This improvisational spirit led Bill T. Jones to a muse. “I chose Isadora Duncan for this TED intervention because she is for me a sort of ‘ur-presence’ espousing the creed of spontaneity — the notion that creativity comes from a deep interior region,” the choreographer says.

Bill T. Jones coaxes vocalist Somi during their performance at TED2015. The group created a language to give the piece both structure and spontaneity. Photo: Bret Hartman

Bill T. Jones coaxes vocalist Somi during their performance at TED2015. The group created a language to give the piece both structure and spontaneity. Photo: Bret Hartman

Duncan famously danced in front of a blue curtain — which Jones thought would match the TED red circle. This pairing of shapes and colors informed the performance. Roman says, “As this process unfolded, we developed a language structure … We decided that one of the most basic and easily communicable things was Bill’s position in relation to Somi and myself.”

Jones framed the performance as a circle, laid out between Somi and Roman — where the red carpet would be on the stage. This circle formed the road map for the improvisation. “Certain points in that circle represented where we might introduce some kind of change, without dictating beforehand what type of change it would be,” says Roman.

The next day in the TED theater, Jones, Roman and Somi put their experiment into practice. Jones set the scene for the audience as “a morning in Vancouver in 2015.” Reiterating the signals the three developed, he sprang from the front of the stage to Roman at the cello, receded back to the blue curtain and turned his open palms to prompt Somi’s haunting scat singing.

Their language structure explains the mesmerizing synchronicity that Jones, Roman and Somi found onstage. Each performers’ electric attention was palpable as they took the lead. Jones coaxed and coached Roman and Somi, egging them on: “Are we there yet? I don’t think so.”

In the TED video, released this week, it looks as if Jones is unlocking something as he dances. That’s not far from the experience that the two TED Fellows describe. “Bill has this beautiful way of getting us out of our individual selves and into the collective shared energy,” Somi says.

Legendary dancer and Bill T. Jones created a structured improvisation with cellist Joshua Roman and vocalist Somi at TED2015. They had less than two days to create this talk. Photo: Bret Hartman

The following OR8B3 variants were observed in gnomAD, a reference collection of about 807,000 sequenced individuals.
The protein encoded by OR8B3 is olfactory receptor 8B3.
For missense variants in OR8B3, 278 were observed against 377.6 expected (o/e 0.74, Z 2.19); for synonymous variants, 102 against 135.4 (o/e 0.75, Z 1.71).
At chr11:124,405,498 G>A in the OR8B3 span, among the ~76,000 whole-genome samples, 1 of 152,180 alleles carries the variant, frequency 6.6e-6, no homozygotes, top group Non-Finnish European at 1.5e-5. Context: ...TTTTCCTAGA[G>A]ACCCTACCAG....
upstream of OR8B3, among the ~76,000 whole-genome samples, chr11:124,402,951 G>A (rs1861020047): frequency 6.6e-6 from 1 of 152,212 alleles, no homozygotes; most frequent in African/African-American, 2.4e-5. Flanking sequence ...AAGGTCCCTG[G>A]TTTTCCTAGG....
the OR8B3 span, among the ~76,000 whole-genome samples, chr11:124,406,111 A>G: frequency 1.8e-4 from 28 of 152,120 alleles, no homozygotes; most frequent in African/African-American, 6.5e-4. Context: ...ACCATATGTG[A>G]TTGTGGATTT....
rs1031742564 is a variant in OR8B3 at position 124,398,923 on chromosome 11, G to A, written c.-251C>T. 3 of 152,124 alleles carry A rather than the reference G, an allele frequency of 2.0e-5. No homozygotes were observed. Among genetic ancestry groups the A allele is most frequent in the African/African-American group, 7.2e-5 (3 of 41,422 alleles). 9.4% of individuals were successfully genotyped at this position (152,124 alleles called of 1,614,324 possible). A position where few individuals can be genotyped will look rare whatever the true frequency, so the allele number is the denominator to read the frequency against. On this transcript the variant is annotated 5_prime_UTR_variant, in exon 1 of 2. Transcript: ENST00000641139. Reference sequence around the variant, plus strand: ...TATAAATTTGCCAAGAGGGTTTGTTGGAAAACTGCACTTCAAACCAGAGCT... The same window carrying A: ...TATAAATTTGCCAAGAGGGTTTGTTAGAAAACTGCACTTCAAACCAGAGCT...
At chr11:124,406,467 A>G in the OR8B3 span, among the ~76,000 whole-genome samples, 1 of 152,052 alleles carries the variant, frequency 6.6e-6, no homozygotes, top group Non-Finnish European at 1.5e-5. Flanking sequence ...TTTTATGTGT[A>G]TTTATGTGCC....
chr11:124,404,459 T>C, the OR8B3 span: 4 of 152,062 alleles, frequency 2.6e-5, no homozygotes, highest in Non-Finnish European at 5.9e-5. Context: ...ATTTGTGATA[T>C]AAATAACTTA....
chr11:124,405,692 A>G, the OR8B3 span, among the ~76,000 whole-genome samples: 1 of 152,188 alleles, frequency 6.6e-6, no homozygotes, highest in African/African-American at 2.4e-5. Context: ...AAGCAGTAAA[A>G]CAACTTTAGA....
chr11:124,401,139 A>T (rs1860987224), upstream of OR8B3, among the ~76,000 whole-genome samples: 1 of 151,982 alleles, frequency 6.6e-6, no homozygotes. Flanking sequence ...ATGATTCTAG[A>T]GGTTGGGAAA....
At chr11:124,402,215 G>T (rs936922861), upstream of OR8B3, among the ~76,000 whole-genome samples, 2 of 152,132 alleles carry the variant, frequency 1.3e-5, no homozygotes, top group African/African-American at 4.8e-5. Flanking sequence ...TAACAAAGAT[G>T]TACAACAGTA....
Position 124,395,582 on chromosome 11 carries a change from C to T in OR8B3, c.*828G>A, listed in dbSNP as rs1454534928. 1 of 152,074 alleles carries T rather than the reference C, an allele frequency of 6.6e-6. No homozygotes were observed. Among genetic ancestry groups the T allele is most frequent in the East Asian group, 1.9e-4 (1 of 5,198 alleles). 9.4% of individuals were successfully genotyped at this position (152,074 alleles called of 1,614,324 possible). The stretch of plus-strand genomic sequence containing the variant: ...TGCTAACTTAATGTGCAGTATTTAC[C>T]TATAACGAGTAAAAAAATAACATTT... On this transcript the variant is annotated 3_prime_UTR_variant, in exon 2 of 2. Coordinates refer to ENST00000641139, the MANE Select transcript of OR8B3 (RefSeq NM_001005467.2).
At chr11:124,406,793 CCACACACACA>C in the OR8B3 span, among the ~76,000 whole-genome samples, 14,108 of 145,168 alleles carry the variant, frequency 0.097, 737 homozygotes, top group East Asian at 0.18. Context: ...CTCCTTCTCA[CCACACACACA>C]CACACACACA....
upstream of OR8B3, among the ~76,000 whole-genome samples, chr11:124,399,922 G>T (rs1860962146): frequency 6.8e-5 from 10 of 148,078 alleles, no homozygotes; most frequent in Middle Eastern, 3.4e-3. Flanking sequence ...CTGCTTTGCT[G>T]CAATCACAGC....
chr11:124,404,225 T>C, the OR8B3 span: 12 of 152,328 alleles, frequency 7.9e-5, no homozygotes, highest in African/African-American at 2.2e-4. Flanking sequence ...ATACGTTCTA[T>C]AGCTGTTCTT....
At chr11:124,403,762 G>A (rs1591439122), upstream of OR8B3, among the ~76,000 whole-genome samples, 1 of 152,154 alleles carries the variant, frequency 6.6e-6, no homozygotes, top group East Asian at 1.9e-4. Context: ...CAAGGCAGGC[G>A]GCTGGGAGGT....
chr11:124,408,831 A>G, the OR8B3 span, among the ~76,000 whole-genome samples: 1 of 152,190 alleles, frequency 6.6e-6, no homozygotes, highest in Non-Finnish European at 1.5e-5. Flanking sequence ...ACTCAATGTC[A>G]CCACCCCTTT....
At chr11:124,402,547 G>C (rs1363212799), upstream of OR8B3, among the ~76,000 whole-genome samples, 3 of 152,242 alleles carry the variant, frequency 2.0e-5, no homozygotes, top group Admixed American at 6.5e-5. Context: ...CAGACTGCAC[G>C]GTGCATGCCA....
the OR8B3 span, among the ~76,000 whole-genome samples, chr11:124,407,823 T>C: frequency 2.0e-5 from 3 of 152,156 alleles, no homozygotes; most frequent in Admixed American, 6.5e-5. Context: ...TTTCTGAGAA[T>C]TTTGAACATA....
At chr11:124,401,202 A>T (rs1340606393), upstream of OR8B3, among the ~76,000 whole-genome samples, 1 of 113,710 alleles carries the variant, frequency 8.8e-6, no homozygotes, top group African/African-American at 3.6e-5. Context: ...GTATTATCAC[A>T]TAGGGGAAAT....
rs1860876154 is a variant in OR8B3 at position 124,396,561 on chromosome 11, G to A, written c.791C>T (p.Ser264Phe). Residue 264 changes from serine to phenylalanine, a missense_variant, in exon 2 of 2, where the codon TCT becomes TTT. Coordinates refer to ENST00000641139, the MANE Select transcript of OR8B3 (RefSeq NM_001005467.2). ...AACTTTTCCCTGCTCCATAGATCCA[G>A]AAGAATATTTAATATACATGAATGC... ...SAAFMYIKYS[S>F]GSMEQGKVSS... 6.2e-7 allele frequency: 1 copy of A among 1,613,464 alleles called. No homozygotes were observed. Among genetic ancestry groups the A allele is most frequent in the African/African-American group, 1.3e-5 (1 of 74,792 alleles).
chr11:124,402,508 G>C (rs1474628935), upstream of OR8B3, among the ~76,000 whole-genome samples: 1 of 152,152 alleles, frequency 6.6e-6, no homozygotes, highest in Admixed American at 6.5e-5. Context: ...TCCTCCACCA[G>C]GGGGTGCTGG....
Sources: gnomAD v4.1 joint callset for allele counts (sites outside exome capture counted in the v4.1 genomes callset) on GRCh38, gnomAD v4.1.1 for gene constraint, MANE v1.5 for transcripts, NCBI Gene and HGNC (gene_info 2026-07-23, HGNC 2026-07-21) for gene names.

Joshua Roman played a Bach prelude for this performance. It’s “a style that Bach would have improvised,” he says. Photo: Bret Hartman

“He’s one of those artists who provokes in a very thoughtful and meaningful way. He’s not bound by the traditional boxes, but definitely supported by them,” says Roman. “He’s not about leaving the past behind — he’s about exploring it.” 

Surprisingly, Jones doesn’t plan to watch the video. “Though I relish the notion that many will be able to see this, I don’t want to disturb the memory of that experience,” he says. “I trust the public will get a whiff of what transpired between the three of us.” 

Cohen, who commissioned the collaboration, was thrilled with the final result. “What we got was far beyond what we could have hoped for. This performance was different for me than anything else that happened at TED,” she says. “Most of what happens on the TED stage is curation. This was more like alchemy.”

In a way, this is a great metaphor for TED as a whole. “TED is best described as a catalyst,” says Cohen. “The event brings together extraordinary people — both on the stage and in the audience.The event brings together extraordinary people — both on the stage and in the audience. Then we step back and watch what happens. Many beautiful and important collaborations have been born at TED; this one played out on stage.”


This performance was alchemy in action, showing the creative process as it catalyzed in the moment. Photo: Bret Hartman